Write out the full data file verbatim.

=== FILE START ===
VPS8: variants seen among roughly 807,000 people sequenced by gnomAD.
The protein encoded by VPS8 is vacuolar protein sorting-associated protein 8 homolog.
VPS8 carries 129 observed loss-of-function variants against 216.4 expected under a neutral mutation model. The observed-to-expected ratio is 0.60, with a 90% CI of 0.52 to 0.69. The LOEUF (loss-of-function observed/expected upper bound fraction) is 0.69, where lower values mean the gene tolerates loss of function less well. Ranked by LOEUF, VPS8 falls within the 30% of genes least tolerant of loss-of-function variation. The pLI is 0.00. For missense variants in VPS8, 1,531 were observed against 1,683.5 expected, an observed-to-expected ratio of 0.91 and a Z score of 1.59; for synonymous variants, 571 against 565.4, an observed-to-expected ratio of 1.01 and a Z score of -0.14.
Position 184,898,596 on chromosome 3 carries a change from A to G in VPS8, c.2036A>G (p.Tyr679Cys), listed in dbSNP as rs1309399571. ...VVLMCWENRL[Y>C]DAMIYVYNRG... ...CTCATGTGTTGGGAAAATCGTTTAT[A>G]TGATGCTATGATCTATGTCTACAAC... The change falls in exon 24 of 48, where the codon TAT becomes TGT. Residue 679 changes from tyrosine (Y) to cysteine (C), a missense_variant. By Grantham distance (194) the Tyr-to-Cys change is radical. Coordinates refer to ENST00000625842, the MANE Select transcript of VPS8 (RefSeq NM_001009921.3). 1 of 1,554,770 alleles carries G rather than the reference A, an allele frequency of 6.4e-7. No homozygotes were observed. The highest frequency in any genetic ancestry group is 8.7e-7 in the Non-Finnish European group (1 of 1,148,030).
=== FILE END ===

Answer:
VPS8: variants seen among roughly 807,000 people sequenced by gnomAD.
The protein encoded by VPS8 is vacuolar protein sorting-associated protein 8 homolog.
VPS8 carries 129 observed loss-of-function variants against 216.4 expected under a neutral mutation model. The observed-to-expected ratio is 0.60, with a 90% CI of 0.52 to 0.69. The LOEUF (loss-of-function observed/expected upper bound fraction) is 0.69, where lower values mean the gene tolerates loss of function less well. Ranked by LOEUF, VPS8 falls within the 30% of genes least tolerant of loss-of-function variation. The pLI is 0.00. For missense variants in VPS8, 1,531 were observed against 1,683.5 expected, an observed-to-expected ratio of 0.91 and a Z score of 1.59; for synonymous variants, 571 against 565.4, an observed-to-expected ratio of 1.01 and a Z score of -0.14.
Position 184,898,596 on chromosome 3 carries a change from A to G in VPS8, c.2036A>G (p.Tyr679Cys), listed in dbSNP as rs1309399571. ...VVLMCWENRL[Y>C]DAMIYVYNRG... ...CTCATGTGTTGGGAAAATCGTTTAT[A>G]TGATGCTATGATCTATGTCTACAAC... The change falls in exon 24 of 48, where the codon TAT becomes TGT. Residue 679 changes from tyrosine (Y) to cysteine (C), a missense_variant. By Grantham distance (194) the Tyr-to-Cys change is radical. Coordinates refer to ENST00000625842, the MANE Select transcript of VPS8 (RefSeq NM_001009921.3). 1 of 1,554,770 alleles carries G rather than the reference A, an allele frequency of 6.4e-7. No homozygotes were observed. The highest frequency in any genetic ancestry group is 8.7e-7 in the Non-Finnish European group (1 of 1,148,030).